Most of the companies that build apps can provide a project estimate. The estimate shows what the company charges for and the time needed to complete each task. We at MindK provide our clients with both rough and detailed estimates.
A detailed estimate takes a lot of time and no one has much to spare, so you can ask for some advanced napkin math to get an approximate budget for the project and to see if the developer is up to the task. This is where rough estimate comes into play.
Now we will explain what a rough estimate is and how we do it here in MindK.
What is a rough estimate?
This document, sometimes called ROM (Rough Order of Magnitude), gives you an approximate price of your app.
It estimates the time required to complete the project feature by feature. Multiply that by the developer rates and you’ll get a ballpark sum you can use for budgeting or to compare different bids.
A rough estimate is based on the client’s brief and is delivered within 2 days of receiving the business requirements.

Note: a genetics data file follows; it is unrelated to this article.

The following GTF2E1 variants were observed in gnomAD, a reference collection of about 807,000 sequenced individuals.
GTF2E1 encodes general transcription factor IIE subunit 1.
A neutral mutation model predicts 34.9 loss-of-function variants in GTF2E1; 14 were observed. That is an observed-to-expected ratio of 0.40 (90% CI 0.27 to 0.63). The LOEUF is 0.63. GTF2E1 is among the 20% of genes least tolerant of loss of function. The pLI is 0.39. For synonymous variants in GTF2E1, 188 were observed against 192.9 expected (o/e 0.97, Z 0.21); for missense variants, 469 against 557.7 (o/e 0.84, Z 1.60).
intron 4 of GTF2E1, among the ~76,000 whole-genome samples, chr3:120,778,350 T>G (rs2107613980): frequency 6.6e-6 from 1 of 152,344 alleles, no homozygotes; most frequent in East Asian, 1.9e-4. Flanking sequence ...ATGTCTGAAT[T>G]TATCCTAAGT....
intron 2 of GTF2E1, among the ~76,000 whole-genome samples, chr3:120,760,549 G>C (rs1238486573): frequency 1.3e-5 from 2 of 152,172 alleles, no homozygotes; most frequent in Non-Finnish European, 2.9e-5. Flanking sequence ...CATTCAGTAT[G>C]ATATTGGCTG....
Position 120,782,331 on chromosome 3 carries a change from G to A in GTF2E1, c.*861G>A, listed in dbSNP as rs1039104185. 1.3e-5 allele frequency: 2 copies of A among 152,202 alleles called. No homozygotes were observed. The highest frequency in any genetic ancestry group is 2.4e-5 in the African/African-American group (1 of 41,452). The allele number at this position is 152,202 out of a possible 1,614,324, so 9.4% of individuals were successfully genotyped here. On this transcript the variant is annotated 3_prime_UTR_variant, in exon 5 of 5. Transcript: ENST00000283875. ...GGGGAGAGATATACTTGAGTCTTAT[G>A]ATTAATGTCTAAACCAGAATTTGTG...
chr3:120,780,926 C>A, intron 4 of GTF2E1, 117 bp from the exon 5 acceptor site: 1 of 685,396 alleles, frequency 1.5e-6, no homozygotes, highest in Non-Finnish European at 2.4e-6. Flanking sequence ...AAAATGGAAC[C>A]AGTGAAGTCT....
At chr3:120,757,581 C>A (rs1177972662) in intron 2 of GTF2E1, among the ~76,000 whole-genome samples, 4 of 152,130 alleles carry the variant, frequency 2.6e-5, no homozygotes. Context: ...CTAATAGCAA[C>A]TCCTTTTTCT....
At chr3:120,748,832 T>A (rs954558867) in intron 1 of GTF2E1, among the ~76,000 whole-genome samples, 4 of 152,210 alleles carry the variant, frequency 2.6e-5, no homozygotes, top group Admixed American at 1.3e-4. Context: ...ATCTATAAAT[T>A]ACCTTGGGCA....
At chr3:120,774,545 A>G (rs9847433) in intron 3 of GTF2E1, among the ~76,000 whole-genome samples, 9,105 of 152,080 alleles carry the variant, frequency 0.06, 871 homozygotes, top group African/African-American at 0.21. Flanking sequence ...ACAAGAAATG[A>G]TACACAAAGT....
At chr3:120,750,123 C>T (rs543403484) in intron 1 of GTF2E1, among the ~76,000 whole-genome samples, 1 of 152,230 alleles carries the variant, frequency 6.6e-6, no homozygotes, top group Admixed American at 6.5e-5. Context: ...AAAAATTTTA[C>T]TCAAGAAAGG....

A rough estimate alone isn’t enough to draw up a detailed budget but can serve as a roadmap for your project.
Note: in software development, the final price can differ by up to ± 50% from the initial estimate depending on the amount of unknown data.
The document also shows whether the developer in question has/we have enough resources and expertise to deliver the product.
The feasibility study that is a part of ROM will reveal if there are any limitations that could hamper the project.
If we discover such hindrances, we suggest any possible alternatives to our clients and include the time for research and training in the estimate.
The document outline